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Computer-Aided Breast Screens Lacking

More Mammography False Positives Seen
WebMD Health News
Reviewed by Louise Chang, MD

April 4, 2007 -- Radiologists are increasingly relying on computers to help them read screening mammograms, but the practice has not improved the detection of invasive breast cancer, a new study shows.

Researchers concluded that computer-aided detection (CAD) is far from enhancing breast cancer detection and has led to increases in what they termed “potential harms,” including false positives and unnecessary biopsies.

The study was the most comprehensive analysis of computer-aided detection ever conducted, including more than 429,000 mammograms read at 43 screening centers located in New Hampshire, Colorado, and the state of Washington.

“We found that, among large numbers of diverse facilities and radiologists, the use of computer software designed to improve the interpretation of mammograms was associated with significantly higher false positive rates, recall rates, and biopsy rates and with significantly lower overall accuracy in screening mammography,” researcher Joshua Fenton, MD, MPH, and colleagues write in the April 5 New England Journal of Medicine.

CAD’s Promise

The promise behind computer-aided detection was that the computer programs would help radiologists find cancers.

The computer programs read digitized versions of screening mammograms and identify areas of concern for review by the radiologist.

One study showed that within three years of approval by the FDA in 1998, roughly 10% of the mammography facilities in the United States were using CAD.

In an effort to better understand the benefits and risks associated with CAD, Fenton and colleagues assessed mammography data for 222,135 women screened between 1998 and 2002, including 2,351 women who were diagnosed with breast cancer within one year after screening.

Seven of the 43 screening facilities included in the study began using CAD during the study period, and outcomes from these centers after they implemented CAD were compared with outcomes prior to its use.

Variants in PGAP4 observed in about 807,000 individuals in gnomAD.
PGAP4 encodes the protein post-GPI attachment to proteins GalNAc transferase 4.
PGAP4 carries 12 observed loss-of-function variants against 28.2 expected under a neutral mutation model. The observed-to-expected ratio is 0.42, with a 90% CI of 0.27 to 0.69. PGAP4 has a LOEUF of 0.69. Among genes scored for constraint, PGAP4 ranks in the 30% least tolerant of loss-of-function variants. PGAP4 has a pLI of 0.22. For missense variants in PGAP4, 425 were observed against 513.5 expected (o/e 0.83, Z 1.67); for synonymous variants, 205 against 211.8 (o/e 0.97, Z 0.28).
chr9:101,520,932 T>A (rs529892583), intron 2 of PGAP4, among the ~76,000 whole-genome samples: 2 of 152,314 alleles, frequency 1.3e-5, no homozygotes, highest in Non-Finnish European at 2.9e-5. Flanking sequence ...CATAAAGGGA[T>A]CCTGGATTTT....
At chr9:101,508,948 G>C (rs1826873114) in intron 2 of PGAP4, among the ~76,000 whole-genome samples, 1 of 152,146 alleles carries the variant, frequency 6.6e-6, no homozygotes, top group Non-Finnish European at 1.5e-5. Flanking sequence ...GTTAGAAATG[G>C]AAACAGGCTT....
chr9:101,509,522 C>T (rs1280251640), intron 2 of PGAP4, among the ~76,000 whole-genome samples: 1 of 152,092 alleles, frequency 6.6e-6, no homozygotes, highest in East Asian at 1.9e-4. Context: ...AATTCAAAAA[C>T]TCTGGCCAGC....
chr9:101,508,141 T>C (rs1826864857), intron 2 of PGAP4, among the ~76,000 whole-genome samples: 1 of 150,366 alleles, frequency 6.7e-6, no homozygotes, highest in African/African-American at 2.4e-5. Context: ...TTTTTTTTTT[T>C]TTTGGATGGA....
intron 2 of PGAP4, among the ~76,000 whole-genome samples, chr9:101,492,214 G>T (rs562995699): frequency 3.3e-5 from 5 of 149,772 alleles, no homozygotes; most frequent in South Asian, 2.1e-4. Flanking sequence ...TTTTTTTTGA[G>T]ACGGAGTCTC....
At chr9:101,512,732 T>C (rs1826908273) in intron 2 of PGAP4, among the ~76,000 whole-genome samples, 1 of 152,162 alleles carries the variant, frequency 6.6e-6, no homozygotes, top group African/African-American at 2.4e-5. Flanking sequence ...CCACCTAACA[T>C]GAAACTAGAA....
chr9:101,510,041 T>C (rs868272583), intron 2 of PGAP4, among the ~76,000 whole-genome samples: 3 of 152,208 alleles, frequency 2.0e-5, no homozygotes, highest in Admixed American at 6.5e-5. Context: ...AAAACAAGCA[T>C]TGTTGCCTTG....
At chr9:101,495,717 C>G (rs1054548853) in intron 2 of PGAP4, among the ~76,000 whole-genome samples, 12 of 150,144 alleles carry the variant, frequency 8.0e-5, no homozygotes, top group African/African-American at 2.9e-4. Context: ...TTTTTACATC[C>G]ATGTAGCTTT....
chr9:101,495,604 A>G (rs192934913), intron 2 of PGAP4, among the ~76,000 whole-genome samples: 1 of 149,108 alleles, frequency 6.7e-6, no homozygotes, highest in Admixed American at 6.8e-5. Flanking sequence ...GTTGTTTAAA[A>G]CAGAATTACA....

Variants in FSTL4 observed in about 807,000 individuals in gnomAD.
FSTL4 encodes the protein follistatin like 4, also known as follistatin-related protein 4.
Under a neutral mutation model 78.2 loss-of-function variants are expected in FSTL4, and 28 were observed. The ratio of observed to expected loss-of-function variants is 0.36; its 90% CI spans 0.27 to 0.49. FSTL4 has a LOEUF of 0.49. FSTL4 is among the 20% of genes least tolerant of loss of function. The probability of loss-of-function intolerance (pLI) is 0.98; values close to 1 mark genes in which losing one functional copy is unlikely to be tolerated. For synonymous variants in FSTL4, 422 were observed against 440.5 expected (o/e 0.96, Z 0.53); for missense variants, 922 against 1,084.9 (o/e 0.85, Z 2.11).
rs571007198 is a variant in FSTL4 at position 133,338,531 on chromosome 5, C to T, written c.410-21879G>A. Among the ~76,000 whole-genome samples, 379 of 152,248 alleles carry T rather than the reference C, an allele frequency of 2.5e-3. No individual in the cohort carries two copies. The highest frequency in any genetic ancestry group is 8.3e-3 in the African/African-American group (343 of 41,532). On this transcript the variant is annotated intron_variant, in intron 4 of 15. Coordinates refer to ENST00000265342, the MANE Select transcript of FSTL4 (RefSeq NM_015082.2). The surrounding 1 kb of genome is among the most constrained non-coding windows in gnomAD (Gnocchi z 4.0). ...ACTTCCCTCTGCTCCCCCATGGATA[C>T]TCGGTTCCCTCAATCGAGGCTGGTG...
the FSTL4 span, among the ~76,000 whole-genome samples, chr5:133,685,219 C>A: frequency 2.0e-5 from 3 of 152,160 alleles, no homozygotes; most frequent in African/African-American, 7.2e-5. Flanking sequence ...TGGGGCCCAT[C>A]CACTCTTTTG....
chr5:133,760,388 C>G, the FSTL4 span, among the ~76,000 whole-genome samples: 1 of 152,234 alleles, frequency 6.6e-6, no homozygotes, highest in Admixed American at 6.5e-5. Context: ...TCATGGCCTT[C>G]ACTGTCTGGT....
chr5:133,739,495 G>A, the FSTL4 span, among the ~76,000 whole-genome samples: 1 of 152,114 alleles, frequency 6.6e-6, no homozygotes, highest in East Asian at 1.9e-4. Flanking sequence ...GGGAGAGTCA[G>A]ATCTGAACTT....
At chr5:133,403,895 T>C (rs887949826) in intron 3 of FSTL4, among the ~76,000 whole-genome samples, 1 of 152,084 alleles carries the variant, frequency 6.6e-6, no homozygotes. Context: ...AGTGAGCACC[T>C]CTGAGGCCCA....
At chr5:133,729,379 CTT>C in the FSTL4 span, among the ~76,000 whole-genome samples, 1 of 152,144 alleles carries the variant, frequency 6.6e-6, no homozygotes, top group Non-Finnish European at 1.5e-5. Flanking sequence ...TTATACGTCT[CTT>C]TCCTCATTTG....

The researchers concluded that CAD did not result in significant improvements in cancer detection rates, but it did increase the number of false-positive mammograms, resulting in significantly more patient callbacks and biopsies.

More Experience Needed

Robert Smith, PhD, who is director of screening for the American Cancer Society, tells WebMD that while there are problems with CAD, “we don’t want to throw the baby out with the bathwater.”

He points out that the radiologists at the CAD facilities in the study tended to have less experience reading mammograms than those at the centers where CAD was not used, and this could have influenced the findings.

“What this tells us is that the average radiologist reading mammograms needs better training and they need more frequent feedback on what they are finding,” he says. “Radiologists have very little opportunity to find out if they have missed a diagnosis or have excessive callbacks that aren’t productive.”

Smith says though CAD is a potentially valuable tool, the new research makes clear that that potential is not being fulfilled in current clinical practice.

“A woman who is offered computer-assisted detection would be correct in being somewhat skeptical that it would improve the likelihood of an invasive cancer being diagnosed,” he says.

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